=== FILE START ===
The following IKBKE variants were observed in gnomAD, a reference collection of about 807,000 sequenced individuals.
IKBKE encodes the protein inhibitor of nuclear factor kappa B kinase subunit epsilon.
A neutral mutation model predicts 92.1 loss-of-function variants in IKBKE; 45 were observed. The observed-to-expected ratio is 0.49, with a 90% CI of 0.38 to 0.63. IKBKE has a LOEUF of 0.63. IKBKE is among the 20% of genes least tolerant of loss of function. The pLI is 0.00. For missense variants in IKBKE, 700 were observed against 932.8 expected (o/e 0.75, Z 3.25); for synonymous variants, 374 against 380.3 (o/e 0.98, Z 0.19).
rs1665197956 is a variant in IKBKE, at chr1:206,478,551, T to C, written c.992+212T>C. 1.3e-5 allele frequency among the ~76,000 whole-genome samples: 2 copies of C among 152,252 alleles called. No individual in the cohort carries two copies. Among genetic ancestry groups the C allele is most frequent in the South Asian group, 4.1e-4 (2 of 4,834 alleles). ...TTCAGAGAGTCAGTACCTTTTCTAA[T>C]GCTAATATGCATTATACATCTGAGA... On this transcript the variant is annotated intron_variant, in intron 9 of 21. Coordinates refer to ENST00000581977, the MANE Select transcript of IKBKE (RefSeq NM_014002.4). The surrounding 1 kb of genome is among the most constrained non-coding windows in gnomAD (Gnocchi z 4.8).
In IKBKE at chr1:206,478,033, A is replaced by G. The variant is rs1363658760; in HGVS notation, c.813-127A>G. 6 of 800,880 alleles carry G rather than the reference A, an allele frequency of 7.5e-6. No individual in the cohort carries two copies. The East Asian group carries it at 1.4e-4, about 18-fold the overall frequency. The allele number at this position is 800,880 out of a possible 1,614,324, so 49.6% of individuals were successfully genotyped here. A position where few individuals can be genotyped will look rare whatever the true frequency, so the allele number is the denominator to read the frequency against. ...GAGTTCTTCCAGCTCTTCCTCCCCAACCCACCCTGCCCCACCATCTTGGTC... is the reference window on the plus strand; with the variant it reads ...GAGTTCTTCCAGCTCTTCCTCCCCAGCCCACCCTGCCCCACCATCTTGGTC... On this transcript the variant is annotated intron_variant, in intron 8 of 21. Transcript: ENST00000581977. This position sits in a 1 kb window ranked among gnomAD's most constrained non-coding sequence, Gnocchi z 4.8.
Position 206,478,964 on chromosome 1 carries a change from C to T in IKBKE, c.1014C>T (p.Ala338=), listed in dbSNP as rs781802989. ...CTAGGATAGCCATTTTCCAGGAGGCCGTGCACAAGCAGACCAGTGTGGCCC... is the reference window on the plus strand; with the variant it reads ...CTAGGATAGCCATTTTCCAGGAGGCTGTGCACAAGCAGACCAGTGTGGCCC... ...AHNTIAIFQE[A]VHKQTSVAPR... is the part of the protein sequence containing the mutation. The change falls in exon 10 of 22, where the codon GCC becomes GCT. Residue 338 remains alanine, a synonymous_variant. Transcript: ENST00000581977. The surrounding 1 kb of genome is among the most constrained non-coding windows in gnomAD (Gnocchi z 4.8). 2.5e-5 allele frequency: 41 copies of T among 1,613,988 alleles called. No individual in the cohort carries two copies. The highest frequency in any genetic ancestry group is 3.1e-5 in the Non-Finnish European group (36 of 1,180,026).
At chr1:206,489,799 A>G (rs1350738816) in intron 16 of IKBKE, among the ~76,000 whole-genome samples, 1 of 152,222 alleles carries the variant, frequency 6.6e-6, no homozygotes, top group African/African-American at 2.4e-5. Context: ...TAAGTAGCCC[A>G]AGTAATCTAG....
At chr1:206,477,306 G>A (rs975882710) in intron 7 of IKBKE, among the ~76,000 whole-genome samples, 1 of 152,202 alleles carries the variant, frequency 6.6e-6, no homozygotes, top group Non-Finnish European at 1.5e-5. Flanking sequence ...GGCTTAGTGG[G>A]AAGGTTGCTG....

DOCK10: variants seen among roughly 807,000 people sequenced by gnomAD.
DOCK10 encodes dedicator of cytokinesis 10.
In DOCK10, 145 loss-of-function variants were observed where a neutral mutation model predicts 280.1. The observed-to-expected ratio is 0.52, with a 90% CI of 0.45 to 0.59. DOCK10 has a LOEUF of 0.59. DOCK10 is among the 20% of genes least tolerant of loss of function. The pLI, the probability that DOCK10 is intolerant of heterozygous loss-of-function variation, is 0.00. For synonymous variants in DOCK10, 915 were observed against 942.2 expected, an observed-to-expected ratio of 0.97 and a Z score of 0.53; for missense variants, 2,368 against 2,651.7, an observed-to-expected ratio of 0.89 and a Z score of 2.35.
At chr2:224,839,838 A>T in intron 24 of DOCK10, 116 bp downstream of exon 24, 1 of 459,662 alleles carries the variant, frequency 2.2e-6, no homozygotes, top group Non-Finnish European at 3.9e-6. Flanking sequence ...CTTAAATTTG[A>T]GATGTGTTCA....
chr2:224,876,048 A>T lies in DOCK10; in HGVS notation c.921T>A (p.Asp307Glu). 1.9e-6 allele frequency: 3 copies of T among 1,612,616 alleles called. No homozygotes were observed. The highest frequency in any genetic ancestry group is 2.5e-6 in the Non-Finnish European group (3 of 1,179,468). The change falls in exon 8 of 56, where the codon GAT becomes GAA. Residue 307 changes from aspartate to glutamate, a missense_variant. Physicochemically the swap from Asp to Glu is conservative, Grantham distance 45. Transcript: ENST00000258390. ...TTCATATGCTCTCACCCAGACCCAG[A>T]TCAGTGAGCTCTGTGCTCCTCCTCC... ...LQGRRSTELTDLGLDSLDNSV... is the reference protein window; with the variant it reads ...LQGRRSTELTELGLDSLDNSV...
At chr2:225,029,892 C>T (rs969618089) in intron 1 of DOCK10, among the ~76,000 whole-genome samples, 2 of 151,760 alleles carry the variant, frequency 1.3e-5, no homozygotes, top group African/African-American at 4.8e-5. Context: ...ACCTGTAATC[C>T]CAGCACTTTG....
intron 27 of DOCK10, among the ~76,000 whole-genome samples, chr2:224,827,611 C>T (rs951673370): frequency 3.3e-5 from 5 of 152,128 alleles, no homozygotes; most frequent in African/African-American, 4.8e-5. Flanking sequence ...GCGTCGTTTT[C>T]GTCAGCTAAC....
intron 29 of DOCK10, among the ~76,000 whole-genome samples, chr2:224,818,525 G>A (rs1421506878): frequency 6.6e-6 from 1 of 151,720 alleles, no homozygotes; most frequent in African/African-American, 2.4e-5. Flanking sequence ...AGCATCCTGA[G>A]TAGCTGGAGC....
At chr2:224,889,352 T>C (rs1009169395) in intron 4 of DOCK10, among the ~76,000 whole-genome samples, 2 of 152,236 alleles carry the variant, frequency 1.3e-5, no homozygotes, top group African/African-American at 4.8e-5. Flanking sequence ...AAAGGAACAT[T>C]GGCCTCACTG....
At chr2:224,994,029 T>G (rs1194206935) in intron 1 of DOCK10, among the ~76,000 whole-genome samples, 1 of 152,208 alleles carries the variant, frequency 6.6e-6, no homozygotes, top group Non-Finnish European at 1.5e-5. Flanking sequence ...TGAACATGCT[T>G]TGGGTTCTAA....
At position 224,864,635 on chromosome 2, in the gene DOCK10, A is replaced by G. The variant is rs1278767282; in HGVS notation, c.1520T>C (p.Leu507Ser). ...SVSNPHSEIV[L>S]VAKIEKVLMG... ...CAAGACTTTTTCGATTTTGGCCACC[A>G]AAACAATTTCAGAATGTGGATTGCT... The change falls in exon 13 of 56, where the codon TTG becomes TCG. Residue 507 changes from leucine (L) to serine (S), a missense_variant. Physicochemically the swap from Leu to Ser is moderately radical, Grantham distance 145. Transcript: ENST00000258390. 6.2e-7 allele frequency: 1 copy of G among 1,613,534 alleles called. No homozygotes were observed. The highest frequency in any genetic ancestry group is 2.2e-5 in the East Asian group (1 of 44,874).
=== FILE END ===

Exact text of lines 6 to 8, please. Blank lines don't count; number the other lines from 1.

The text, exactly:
Position 206,478,964 on chromosome 1 carries a change from C to T in IKBKE, c.1014C>T (p.Ala338=), listed in dbSNP as rs781802989. ...CTAGGATAGCCATTTTCCAGGAGGCCGTGCACAAGCAGACCAGTGTGGCCC... is the reference window on the plus strand; with the variant it reads ...CTAGGATAGCCATTTTCCAGGAGGCTGTGCACAAGCAGACCAGTGTGGCCC... ...AHNTIAIFQE[A]VHKQTSVAPR... is the part of the protein sequence containing the mutation. The change falls in exon 10 of 22, where the codon GCC becomes GCT. Residue 338 remains alanine, a synonymous_variant. Transcript: ENST00000581977. The surrounding 1 kb of genome is among the most constrained non-coding windows in gnomAD (Gnocchi z 4.8). 2.5e-5 allele frequency: 41 copies of T among 1,613,988 alleles called. No individual in the cohort carries two copies. The highest frequency in any genetic ancestry group is 3.1e-5 in the Non-Finnish European group (36 of 1,180,026).
At chr1:206,489,799 A>G (rs1350738816) in intron 16 of IKBKE, among the ~76,000 whole-genome samples, 1 of 152,222 alleles carries the variant, frequency 6.6e-6, no homozygotes, top group African/African-American at 2.4e-5. Context: ...TAAGTAGCCC[A>G]AGTAATCTAG....
At chr1:206,477,306 G>A (rs975882710) in intron 7 of IKBKE, among the ~76,000 whole-genome samples, 1 of 152,202 alleles carries the variant, frequency 6.6e-6, no homozygotes, top group Non-Finnish European at 1.5e-5. Flanking sequence ...GGCTTAGTGG[G>A]AAGGTTGCTG....